• The Philippines in 2017: Turbulent Consolidation, by Malcolm Cook, author
    The year was one of political consolidation in the Philippines in which President Duterte's personalistic and confrontational approach to the presidency held sway. Despite some very significant setbacks in the war on drugs and the peace processes with the communists and in Muslim Mindanao, President Duterte remained very popular across all adult demographics. The Philippine economy continued to be very strong and the first, most important phase of tax reformm was completed. At the end of 2017, relations with the United States, China and Japan were also stronger than at the beginning of the year.
  • Narratives and Counter-narratives: Responding to Political Violence in the Philippines, by Dennis Quilala, author
    This chapter argues that political violence, particularly terrorism and internal armed conflicts in Mindanao, have not been properly addressed in the Philippines. Terrorism in the Philippines and Southeast Asia is not something new. The Philippine government has passed laws and improved law enforcement capabilities to address the menace of terrorism. It has engaged the international community, realizing the transnational nature of terrorism. These efforts, however, are not enough, and therefore similar responses today contribute to the narrative that the use of violence against violent non-state armed groups would suffice. It is further argued that a strategy towards the prevention of extremism needs to be crafted and the involvement of the community would be necessary to address terrorism in the Philippines. The peace strategy with the different armed groups should also be more inclusive. Narratives have to be adjusted and counter-narratives have to be asserted.
  • Singapore in 2017: Testing Times, Within and Without, by Shashi Jayakumar, author
    By almost any traditional measure — including the maintenance of security and economic progress, Singapore did reasonably well in 2017. However, the reality was that its resilience was tested by a variety of issues — an unexpected and very public spat within the family of Prime Minister Lee Hsien Loong, continuing problems in transport infrastructure, the persistent threat of a terror attack (which the government has said will occur at some point), as well as more insidious threats such as cyber hacks and coordinated forms of subversion. The leadership has shown that it has a &nbsp;handle on these issues, but the look and shape of the leadership apex itself in the era after Lee Hsien Loong (who has made succession an urgent issue to be prioritized) continues to invite debate, discussion and questions. The next generation of leaders has indicated that there is no reason for the people to be concerned. Should they be? &nbsp;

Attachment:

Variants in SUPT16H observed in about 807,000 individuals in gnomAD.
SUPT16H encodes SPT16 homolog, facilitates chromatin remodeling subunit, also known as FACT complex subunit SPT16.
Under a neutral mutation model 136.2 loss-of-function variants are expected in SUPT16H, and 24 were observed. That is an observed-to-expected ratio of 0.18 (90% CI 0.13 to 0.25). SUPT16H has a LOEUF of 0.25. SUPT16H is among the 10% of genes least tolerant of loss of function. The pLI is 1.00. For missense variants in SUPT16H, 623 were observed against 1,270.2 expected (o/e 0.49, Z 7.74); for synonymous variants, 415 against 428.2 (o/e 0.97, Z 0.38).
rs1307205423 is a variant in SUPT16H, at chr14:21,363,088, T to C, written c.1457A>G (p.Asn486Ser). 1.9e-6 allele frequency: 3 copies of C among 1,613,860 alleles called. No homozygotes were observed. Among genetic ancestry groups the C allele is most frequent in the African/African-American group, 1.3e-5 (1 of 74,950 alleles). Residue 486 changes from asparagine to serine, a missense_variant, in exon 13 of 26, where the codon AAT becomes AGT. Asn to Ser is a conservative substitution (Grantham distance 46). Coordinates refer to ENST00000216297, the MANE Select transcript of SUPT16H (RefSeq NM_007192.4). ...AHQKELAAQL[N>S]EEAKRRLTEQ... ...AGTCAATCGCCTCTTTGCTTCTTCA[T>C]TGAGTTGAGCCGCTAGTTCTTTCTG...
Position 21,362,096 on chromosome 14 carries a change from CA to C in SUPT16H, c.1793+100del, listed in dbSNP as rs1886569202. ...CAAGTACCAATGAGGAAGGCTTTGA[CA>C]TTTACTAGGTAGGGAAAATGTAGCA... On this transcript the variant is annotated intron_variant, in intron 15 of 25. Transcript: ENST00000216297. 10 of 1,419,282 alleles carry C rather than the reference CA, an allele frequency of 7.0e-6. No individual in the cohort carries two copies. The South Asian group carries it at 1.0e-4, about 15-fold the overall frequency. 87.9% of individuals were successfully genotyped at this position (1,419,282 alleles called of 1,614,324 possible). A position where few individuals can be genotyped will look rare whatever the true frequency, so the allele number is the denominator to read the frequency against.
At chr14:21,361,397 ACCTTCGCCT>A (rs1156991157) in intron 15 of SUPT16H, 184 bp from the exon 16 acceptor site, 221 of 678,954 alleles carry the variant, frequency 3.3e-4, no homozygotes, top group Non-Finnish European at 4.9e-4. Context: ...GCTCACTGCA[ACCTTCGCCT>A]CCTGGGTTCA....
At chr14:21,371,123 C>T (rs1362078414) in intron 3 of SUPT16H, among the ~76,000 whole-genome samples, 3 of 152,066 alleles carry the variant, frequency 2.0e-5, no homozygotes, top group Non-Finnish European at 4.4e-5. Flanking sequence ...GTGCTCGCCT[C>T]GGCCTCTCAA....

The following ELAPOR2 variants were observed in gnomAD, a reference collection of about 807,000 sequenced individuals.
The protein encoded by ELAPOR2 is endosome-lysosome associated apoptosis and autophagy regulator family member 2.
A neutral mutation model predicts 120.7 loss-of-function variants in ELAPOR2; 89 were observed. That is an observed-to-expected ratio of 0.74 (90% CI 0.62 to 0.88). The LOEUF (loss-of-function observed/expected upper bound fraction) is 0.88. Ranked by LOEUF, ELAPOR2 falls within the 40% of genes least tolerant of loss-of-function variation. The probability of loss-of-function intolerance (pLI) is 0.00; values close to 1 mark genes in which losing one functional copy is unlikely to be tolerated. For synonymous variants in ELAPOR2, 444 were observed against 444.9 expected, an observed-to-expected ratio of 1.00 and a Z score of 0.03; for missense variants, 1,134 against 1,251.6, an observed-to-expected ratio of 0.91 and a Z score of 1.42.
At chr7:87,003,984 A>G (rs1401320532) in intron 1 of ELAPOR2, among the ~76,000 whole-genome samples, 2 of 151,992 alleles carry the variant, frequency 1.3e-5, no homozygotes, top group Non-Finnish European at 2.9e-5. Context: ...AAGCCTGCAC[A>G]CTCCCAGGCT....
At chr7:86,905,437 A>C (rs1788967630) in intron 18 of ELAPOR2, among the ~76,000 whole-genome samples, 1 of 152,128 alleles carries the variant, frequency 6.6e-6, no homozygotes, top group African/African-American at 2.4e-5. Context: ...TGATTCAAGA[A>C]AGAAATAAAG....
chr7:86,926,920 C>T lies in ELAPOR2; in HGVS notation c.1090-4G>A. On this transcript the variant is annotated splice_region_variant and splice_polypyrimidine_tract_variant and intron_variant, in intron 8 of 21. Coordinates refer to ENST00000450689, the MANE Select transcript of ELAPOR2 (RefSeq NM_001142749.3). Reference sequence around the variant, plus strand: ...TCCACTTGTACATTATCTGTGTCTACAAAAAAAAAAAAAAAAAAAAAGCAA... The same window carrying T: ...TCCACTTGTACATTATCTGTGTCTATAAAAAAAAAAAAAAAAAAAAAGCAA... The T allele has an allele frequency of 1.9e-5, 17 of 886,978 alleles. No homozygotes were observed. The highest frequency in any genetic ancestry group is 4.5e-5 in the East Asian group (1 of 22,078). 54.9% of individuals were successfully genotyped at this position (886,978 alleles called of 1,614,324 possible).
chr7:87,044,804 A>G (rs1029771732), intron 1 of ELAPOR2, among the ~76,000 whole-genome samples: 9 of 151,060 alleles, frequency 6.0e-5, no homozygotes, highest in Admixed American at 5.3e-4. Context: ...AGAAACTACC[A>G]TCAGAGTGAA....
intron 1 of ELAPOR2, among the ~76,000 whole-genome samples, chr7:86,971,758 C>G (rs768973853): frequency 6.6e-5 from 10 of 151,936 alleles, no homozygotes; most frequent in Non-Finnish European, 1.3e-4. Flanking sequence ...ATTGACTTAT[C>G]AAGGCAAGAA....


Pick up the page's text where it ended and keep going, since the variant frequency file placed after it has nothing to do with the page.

• Singapore–China Relations: Building Substantive Ties amidst Challenges, by Lye Liang Fook, author
    Singapore and China today enjoy a multi-faceted and substantive relationship. Under China’s Belt and Road Initiative, they are collaborating in new areas like finance, legal and judicial matters and the Chongqing Connectivity Initiative. The latter initiative bucks the general trend of countries being recipients of China’s investments to one where Singapore is investing in China. Simultaneously, the bilateral relationship is shaped by broader factors such as the relative power between China and the United States, and China’s rise and its expectations of how other countries ought to respond to its rise. Singapore will likely continue to emphasize the rule of law in its foreign policy while China, as a major power, is expected to accord more credence to the exercise of its power. While this difference could affect relations from time to time, it is not a difference that is strategic in nature.
  • Thailand in 2017: Stability without Certainties, by Pongphisoot Busbarat, author